On a positive note, the study indicates women might be more supportive than men of leaders with communal leadership styles.
“While it may be too soon to tell whether more communal traits will indeed define the leaders of the 21st century, our research suggests women might be more willing to embrace this trend,” concludes the team.
So, what? Study after study over the last 30 years has shown that women—when they don’t try to be pseudo-men—make the best leaders and that the “transformational” leadership style—often classed as more “feminine”—is by far the most effective. Yet the myth that masculine traits are needed for leadership remains.
The tragedy is that many women buy into it.
In terms of genetics only 5% of people have the desire or talent to be leaders and that small percentage is equally divided between men and women. In evolutionary terms this is because hunter-gatherers, who lived in an egalitarian society, really didn’t need leaders except in times of crisis—which were rare. Therefore, the genes for leadership were not widely distributed.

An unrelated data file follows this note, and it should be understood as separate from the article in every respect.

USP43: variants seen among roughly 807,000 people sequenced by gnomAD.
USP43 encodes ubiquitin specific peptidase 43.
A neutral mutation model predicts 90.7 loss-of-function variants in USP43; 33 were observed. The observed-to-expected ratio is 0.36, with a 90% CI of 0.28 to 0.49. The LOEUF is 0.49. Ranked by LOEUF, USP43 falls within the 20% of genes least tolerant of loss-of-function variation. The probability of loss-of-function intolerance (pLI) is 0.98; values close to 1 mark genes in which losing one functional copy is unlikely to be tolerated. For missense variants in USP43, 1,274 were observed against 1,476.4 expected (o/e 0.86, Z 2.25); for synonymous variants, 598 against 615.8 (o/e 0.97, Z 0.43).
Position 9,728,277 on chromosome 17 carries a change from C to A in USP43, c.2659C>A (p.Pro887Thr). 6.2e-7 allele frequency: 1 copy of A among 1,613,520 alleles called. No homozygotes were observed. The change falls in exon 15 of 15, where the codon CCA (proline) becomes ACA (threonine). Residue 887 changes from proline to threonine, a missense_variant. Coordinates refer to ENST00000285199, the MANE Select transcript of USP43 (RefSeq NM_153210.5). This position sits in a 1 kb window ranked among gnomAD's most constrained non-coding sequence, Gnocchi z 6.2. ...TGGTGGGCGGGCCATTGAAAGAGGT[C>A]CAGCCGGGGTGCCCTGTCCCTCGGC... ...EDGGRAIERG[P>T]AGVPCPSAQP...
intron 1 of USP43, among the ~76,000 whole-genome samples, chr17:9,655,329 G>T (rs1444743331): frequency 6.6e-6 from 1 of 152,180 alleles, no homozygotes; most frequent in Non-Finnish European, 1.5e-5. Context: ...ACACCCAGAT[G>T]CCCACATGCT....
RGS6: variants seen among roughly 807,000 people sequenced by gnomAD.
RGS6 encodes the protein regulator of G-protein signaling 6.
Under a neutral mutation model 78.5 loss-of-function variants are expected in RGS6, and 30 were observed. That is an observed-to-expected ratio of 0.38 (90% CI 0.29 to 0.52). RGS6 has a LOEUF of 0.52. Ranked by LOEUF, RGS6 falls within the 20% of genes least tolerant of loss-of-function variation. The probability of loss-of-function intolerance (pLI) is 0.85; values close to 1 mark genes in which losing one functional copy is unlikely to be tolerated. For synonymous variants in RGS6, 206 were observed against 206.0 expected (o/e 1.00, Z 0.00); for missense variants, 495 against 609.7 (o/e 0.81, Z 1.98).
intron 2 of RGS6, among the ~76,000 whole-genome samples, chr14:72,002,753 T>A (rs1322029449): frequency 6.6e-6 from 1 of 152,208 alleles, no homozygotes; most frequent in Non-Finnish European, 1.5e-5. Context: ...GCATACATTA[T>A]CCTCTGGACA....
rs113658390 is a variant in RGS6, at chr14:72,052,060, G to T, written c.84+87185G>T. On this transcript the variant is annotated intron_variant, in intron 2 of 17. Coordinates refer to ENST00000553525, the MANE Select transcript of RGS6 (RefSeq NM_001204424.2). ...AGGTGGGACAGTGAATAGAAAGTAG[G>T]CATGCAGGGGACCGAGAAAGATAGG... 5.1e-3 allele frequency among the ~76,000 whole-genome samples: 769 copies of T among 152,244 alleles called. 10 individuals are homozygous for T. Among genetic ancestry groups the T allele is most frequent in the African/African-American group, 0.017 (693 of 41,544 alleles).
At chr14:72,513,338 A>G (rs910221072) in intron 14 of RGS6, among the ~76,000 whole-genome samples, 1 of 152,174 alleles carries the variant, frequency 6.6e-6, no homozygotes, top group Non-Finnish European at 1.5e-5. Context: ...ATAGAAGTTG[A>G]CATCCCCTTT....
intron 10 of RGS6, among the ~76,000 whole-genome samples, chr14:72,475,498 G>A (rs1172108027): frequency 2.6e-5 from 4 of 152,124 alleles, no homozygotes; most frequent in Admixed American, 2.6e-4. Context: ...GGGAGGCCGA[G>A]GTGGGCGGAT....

In normal circumstances the “feminine” style of leadership fits in much better with human design specs and is therefore more effective.
Join the discussion
More from this issue of TR
You might be interested inBack to Today's Research
Unemployment encourages men to try traditionally female-dominated work